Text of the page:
A two-day decline for the Dow Jones Industrials (DJINDICES:^DJI) shouldn't be particularly noteworthy, even when it meant the Dow lost its hard-fought 17,000 milestone. Yet today's 117-point drop for the Dow has left investors nervous about what tomorrow will bring, with minutes from the Federal Reserve combining with the beginning of second-quarter earnings season to provide some answers to the future course of the U.S. economy. Today's drop sent more than two dozen Dow components falling, but investors emphasized the value of defensive names, sending Wal-Mart (NYSE:WMT) and Procter & Gamble (NYSE:PG) to modest but significant gains Tuesday.
Wal-Mart climbed three-quarters of a percent even as the chief of the retailer's U.S. division reiterated some troubling news for the company. Bill Simon noted that even with the economy back on a growth trajectory, Wal-Mart isn't seeing shopping activity rise as quickly as the company would ordinarily expect this long after the last recession. Yet part of Wal-Mart's appeal during the 2008 recession was that customers who had previously shopped at more upscale retailers looked to Wal-Mart for bargain opportunities. Moreover, Wal-Mart has made numerous efforts to adapt to changing conditions in the retail industry, using a small-store footprint to encourage repeat trips and address the higher fuel costs of having to drive longer distances to big-box format stores. If Wal-Mart can capture daily business as well as longer-term stocking-up trips among consumers, then it could finally turn around its ailing domestic sales and defend itself against competition from deep-discount stores and online specialists.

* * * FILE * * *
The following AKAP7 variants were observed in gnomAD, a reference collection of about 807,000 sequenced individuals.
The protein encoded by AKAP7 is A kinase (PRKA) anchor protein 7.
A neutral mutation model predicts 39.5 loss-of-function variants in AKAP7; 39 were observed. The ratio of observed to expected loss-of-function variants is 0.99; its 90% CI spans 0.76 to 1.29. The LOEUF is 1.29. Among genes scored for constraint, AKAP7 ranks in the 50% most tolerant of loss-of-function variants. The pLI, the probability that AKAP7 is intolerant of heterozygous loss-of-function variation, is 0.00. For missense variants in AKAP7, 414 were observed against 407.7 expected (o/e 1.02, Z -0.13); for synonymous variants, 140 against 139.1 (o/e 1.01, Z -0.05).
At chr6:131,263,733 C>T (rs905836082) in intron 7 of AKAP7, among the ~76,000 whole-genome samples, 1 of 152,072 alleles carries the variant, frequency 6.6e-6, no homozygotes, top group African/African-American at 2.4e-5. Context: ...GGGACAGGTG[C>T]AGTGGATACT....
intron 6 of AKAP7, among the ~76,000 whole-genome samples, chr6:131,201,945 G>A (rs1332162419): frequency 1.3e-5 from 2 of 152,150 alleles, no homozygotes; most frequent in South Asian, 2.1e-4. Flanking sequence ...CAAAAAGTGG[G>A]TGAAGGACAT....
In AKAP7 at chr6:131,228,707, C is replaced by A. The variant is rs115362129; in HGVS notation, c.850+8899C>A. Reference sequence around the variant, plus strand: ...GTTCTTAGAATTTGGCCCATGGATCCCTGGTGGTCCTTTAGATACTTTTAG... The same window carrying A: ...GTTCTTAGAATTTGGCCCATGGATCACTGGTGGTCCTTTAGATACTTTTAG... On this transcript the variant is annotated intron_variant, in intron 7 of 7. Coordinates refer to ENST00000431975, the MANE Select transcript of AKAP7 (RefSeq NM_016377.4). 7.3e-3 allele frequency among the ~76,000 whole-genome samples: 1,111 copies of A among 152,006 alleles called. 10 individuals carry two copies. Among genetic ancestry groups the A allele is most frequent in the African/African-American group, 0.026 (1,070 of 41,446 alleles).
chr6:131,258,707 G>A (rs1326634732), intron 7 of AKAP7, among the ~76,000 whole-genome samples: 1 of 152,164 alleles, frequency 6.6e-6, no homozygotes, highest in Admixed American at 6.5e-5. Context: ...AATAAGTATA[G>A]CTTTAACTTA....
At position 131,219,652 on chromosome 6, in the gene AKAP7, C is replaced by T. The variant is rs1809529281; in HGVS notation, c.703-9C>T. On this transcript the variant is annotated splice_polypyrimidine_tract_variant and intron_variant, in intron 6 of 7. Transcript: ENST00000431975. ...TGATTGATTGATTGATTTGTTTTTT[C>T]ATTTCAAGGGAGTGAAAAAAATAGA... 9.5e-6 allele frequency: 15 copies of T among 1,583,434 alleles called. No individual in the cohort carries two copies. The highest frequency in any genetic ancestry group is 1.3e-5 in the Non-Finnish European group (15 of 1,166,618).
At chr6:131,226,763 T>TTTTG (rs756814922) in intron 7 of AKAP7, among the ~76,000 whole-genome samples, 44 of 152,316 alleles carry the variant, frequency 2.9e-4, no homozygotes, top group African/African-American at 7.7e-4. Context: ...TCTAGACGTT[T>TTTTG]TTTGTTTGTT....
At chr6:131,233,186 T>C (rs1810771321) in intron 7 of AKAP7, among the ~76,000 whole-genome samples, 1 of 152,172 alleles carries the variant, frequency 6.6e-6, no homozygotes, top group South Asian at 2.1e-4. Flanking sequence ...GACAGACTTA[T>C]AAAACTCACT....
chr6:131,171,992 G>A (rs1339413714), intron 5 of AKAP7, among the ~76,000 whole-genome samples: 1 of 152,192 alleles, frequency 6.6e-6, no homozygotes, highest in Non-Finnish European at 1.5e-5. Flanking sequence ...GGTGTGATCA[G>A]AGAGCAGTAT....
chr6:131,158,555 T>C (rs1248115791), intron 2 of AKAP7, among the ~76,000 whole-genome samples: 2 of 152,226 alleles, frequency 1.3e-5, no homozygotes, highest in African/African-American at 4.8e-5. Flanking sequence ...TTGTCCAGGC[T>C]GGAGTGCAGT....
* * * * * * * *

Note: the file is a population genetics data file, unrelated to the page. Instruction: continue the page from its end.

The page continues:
Procter & Gamble gained almost half a percent. The consumer-products giant has a lot riding on its growth initiatives, with the stock's current valuation implying much faster earnings growth than Procter & Gamble has been able to produce in recent years. Still, P&G has done a reasonably good job at reawakening its ability to come up with innovative new products, and at the same time, it has also figured out how to focus more on what it sees as its best business prospects while divesting itself of non-core divisions. Even so, though, Procter & Gamble's hefty earnings multiple gives shareholders less margin of safety than they're used to getting from a defensive stock.
The Dow Jones Industrials have produced minor drops countless times during the bull market, only to bounce back and reach toward new record highs again. Nevertheless, interest in defensive Dow names like Wal-Mart and Procter & Gamble is just one more signal that investors might think the good times for the Dow might be coming to an end.